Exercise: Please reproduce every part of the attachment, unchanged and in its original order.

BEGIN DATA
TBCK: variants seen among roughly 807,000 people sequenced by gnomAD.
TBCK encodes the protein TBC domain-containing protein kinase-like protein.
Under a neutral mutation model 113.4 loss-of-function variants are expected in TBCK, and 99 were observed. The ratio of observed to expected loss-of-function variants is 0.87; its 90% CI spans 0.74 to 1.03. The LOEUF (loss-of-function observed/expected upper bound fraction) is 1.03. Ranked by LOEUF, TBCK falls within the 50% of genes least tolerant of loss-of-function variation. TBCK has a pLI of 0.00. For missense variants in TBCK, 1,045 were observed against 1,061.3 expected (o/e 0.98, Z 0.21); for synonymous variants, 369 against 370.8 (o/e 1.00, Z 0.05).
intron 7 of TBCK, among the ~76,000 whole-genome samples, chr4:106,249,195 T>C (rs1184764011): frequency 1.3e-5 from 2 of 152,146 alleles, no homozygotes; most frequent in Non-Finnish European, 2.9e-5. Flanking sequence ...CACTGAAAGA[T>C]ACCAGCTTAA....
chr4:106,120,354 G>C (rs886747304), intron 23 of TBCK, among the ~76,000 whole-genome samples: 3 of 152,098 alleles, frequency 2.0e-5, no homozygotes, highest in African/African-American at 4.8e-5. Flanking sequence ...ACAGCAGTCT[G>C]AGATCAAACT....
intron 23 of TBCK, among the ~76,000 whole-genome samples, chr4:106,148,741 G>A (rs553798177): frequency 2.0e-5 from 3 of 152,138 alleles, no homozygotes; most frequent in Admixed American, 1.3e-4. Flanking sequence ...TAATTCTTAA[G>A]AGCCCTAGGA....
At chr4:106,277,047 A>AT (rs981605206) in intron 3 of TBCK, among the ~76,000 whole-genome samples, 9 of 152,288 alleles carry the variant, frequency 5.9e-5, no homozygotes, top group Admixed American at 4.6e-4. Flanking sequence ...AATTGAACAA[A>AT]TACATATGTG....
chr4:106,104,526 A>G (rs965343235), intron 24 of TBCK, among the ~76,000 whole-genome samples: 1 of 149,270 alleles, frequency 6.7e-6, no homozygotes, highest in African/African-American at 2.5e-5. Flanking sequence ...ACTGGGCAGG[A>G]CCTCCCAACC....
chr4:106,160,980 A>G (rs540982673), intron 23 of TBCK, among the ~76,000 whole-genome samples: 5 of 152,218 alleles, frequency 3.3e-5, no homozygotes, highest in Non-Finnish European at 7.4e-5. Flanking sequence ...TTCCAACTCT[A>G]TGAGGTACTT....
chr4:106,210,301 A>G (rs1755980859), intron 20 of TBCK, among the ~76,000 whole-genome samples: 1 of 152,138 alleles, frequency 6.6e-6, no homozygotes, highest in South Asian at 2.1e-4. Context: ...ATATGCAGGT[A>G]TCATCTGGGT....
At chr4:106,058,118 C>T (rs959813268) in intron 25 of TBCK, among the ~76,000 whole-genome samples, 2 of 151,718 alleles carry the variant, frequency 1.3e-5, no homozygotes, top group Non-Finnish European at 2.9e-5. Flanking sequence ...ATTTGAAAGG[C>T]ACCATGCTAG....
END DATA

TBCK: variants seen among roughly 807,000 people sequenced by gnomAD.
TBCK encodes the protein TBC domain-containing protein kinase-like protein.
Under a neutral mutation model 113.4 loss-of-function variants are expected in TBCK, and 99 were observed. The ratio of observed to expected loss-of-function variants is 0.87; its 90% CI spans 0.74 to 1.03. The LOEUF (loss-of-function observed/expected upper bound fraction) is 1.03. Ranked by LOEUF, TBCK falls within the 50% of genes least tolerant of loss-of-function variation. TBCK has a pLI of 0.00. For missense variants in TBCK, 1,045 were observed against 1,061.3 expected (o/e 0.98, Z 0.21); for synonymous variants, 369 against 370.8 (o/e 1.00, Z 0.05).
intron 7 of TBCK, among the ~76,000 whole-genome samples, chr4:106,249,195 T>C (rs1184764011): frequency 1.3e-5 from 2 of 152,146 alleles, no homozygotes; most frequent in Non-Finnish European, 2.9e-5. Flanking sequence ...CACTGAAAGA[T>C]ACCAGCTTAA....
chr4:106,120,354 G>C (rs886747304), intron 23 of TBCK, among the ~76,000 whole-genome samples: 3 of 152,098 alleles, frequency 2.0e-5, no homozygotes, highest in African/African-American at 4.8e-5. Flanking sequence ...ACAGCAGTCT[G>C]AGATCAAACT....
intron 23 of TBCK, among the ~76,000 whole-genome samples, chr4:106,148,741 G>A (rs553798177): frequency 2.0e-5 from 3 of 152,138 alleles, no homozygotes; most frequent in Admixed American, 1.3e-4. Flanking sequence ...TAATTCTTAA[G>A]AGCCCTAGGA....
At chr4:106,277,047 A>AT (rs981605206) in intron 3 of TBCK, among the ~76,000 whole-genome samples, 9 of 152,288 alleles carry the variant, frequency 5.9e-5, no homozygotes, top group Admixed American at 4.6e-4. Flanking sequence ...AATTGAACAA[A>AT]TACATATGTG....
chr4:106,104,526 A>G (rs965343235), intron 24 of TBCK, among the ~76,000 whole-genome samples: 1 of 149,270 alleles, frequency 6.7e-6, no homozygotes, highest in African/African-American at 2.5e-5. Flanking sequence ...ACTGGGCAGG[A>G]CCTCCCAACC....
chr4:106,160,980 A>G (rs540982673), intron 23 of TBCK, among the ~76,000 whole-genome samples: 5 of 152,218 alleles, frequency 3.3e-5, no homozygotes, highest in Non-Finnish European at 7.4e-5. Flanking sequence ...TTCCAACTCT[A>G]TGAGGTACTT....
chr4:106,210,301 A>G (rs1755980859), intron 20 of TBCK, among the ~76,000 whole-genome samples: 1 of 152,138 alleles, frequency 6.6e-6, no homozygotes, highest in South Asian at 2.1e-4. Context: ...ATATGCAGGT[A>G]TCATCTGGGT....
At chr4:106,058,118 C>T (rs959813268) in intron 25 of TBCK, among the ~76,000 whole-genome samples, 2 of 151,718 alleles carry the variant, frequency 1.3e-5, no homozygotes, top group Non-Finnish European at 2.9e-5. Flanking sequence ...ATTTGAAAGG[C>T]ACCATGCTAG....